Despite record profits and high gasoline prices, Shell Oil Co. plans to close its Bakersfield refinery in October. It produces 2% of California's gasoline and 6% of its diesel fuel, which means an already tight fuel market is about to get even tighter. Drivers throughout the state are blaming Shell, but the real villain is the state's burdensome regulations and punitive taxes.
With refineries running at 96% of capacity nationwide, simple scheduled maintenance at a plant can produce a price hike at the pump. And yet no new refineries have been built in this country since 1976; no new California refineries have been built in 35 years. On the contrary, since 1981 the number of refineries nationally has shrunk from more than 300 to half that many. The single biggest reason for the decrease in refineries is that extreme environmental regulations make it almost impossible for oil companies to build new facilities. Do you want one in your neighborhood? No one else does either. Never mind that you smell more gasoline at a filling station than at your typical refinery, thanks to improvements in technology and equipment.
Oil companies also want to limit their exposure and liability in overzealous lawsuits and attacks from the Environmental Protection Agency. In 1994, an independent contractor accidentally damaged a pipeline, leaking large amounts of oil into the Skagway River in Alaska. Edward Hanousek, a manager for the project, was off duty and nowhere near the accident at the time. Nevertheless, he was charged with two federal crimes and sentenced to six months in prison. The threat of lawsuits drives refineries, which are at higher risk, out of business.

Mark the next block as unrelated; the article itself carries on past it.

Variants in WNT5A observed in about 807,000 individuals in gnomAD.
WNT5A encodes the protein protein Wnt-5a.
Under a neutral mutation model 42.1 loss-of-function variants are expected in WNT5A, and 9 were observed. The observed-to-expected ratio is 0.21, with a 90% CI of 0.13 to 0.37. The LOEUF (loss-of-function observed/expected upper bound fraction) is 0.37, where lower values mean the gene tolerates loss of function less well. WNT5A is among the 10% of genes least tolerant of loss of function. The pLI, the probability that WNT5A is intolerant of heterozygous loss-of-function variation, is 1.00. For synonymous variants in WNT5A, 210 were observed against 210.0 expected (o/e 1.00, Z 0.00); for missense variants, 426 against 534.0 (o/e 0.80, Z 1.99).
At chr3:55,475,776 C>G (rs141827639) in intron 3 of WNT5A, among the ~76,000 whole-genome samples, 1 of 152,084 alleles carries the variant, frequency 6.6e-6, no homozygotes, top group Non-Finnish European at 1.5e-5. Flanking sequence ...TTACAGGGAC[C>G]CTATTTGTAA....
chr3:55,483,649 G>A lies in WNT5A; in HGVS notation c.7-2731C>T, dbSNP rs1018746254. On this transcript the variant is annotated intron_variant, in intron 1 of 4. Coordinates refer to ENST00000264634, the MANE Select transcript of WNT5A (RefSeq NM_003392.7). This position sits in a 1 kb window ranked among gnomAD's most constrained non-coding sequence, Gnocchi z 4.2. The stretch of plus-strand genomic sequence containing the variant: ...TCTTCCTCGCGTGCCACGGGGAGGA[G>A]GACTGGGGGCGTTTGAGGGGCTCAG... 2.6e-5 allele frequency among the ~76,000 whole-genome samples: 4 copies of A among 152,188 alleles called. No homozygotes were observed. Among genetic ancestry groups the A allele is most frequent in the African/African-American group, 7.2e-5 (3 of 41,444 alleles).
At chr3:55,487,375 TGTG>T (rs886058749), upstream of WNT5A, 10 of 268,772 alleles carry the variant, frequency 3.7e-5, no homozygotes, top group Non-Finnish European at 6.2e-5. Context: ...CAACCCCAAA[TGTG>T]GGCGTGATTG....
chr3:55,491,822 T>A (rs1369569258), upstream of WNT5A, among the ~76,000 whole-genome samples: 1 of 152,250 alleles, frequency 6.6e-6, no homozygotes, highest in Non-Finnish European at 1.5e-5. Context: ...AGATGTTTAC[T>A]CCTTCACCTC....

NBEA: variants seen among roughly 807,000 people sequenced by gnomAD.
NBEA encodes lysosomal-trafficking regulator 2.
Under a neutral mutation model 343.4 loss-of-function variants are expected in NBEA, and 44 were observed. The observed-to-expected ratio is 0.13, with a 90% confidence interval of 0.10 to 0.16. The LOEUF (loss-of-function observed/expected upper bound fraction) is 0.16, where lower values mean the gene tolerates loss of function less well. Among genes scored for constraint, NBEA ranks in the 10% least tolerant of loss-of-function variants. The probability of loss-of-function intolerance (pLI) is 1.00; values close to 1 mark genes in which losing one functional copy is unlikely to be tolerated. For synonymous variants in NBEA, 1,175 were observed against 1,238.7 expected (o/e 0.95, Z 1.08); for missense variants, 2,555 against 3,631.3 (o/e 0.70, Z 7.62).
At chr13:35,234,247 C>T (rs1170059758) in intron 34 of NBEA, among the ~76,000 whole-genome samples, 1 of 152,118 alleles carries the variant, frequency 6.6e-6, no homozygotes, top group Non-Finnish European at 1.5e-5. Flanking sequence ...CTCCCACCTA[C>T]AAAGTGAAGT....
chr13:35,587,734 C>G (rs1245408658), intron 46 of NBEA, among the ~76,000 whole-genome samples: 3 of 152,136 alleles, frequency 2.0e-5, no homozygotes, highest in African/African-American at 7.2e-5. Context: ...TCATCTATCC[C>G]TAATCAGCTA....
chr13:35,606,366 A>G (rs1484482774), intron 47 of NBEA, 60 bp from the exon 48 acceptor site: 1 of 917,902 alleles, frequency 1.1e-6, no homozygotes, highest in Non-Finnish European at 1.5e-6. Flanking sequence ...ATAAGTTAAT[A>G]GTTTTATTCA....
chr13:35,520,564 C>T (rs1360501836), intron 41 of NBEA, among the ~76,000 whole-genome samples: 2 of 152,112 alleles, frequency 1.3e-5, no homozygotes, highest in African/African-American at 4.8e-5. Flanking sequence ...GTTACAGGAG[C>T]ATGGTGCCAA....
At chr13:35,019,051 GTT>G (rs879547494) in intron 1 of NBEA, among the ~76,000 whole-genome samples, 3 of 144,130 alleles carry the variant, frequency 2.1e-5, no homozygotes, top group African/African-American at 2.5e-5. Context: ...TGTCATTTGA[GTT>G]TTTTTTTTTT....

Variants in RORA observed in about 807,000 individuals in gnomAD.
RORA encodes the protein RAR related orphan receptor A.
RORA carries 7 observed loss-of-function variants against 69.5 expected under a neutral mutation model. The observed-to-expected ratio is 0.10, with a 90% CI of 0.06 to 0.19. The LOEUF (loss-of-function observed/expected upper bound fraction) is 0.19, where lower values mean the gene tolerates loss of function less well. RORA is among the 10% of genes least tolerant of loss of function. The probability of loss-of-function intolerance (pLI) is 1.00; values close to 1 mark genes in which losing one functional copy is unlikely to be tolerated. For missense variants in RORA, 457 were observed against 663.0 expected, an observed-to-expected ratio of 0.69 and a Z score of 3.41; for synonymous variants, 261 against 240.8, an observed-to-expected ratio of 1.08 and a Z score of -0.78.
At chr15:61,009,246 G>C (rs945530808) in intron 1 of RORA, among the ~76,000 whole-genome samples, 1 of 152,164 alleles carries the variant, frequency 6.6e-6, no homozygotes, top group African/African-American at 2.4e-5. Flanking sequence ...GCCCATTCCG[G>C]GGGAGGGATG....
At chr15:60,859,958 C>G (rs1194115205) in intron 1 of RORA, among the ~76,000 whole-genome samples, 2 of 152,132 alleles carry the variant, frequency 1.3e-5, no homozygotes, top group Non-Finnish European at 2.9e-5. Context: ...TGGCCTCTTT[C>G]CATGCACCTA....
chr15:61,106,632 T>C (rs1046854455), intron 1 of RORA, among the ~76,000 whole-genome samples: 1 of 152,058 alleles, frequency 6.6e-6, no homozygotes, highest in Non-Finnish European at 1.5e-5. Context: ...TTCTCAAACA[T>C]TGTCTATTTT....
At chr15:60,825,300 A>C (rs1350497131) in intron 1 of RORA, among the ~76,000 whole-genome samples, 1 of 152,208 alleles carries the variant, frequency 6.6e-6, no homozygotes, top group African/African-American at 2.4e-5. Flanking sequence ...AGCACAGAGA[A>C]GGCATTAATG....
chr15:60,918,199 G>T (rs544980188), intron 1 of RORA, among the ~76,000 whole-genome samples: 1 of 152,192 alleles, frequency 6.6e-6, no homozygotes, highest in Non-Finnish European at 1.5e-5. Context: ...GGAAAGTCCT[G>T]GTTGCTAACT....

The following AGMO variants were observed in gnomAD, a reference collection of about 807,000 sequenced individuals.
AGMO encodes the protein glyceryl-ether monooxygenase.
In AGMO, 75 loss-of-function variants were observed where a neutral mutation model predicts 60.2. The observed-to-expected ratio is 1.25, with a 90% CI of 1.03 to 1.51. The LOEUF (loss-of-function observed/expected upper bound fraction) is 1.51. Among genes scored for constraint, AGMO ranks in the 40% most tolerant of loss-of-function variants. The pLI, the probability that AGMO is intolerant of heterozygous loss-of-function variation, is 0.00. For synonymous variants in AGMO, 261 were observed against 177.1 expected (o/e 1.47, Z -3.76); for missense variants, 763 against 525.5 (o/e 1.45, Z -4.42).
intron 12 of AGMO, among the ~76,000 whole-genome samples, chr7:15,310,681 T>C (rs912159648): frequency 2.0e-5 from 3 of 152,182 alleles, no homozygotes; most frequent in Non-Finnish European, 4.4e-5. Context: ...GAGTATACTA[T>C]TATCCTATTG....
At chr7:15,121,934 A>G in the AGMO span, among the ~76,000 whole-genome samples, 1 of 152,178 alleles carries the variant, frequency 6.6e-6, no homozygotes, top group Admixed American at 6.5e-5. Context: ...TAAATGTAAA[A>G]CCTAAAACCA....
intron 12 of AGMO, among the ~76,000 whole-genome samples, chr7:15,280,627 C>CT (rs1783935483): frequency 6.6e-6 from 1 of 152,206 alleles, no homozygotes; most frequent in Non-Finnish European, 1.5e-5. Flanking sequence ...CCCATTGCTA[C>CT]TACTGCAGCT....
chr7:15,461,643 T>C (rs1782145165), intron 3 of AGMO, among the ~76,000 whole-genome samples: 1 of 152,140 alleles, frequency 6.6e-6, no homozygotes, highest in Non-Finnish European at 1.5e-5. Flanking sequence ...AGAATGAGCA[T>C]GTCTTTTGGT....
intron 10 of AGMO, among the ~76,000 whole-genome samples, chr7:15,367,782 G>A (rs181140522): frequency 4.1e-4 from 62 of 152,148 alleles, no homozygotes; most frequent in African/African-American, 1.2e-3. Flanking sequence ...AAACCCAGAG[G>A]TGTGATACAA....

When the government isn't prosecuting employees, it is creating laws to make gas more expensive. Regulations requiring reformulated gasoline are making many older refineries obsolete, and California has special regulations that are different from the rest of the country. As Congress passes pork projects that benefit individual members' home districts — like federal ethanol mandates that put corn-based products in our gas (great for Midwest farmers, terrible for drivers) — it makes producing gasoline more complicated and thus more expensive.
And then there are the taxes. We often forget about gas taxes at the pump because we see just the per-gallon price. In California, the per-gallon price includes more than 50 cents in federal, state and local taxes (all states collect 18.4 cents per gallon in federal taxes) — a full 8 cents higher than the national average, according to the American Petroleum Institute. Let's stop padding the state coffers.
Without the taxes, paying $1.50 for a gallon of gas would seem like a steal considering that the oil is shipped by tanker from the Middle East or another faraway place, refined and then trucked to the pump. A gallon of Evian water costs $6, well more than a gallon of gasoline.
There also is the matter of Shell's ultimate goal — to make money. Last I checked, there's nothing wrong with that. Shell is making the same decision that many other companies have made — to scale back California operations and move to states that welcome their business. California has more regulations, higher taxes, higher workers' compensation costs and higher labor costs than almost anywhere else in the country. Until that changes, we will continue to see other firms do the same.
I lived the first 30 years of my life in Bakersfield. When you drive down Coffee Road, you can still see the abandoned Tosco refinery. When it closed, my cousin lost his job there. You can see the signs of change and evolution in the oil industry in which I also worked. Life moves on, and so will businesses in this overly regulated climate.
David Nott is the President of Reason Foundation. He is also a registered professional petroleum engineer in California and worked for Shell from 1986 to 1994.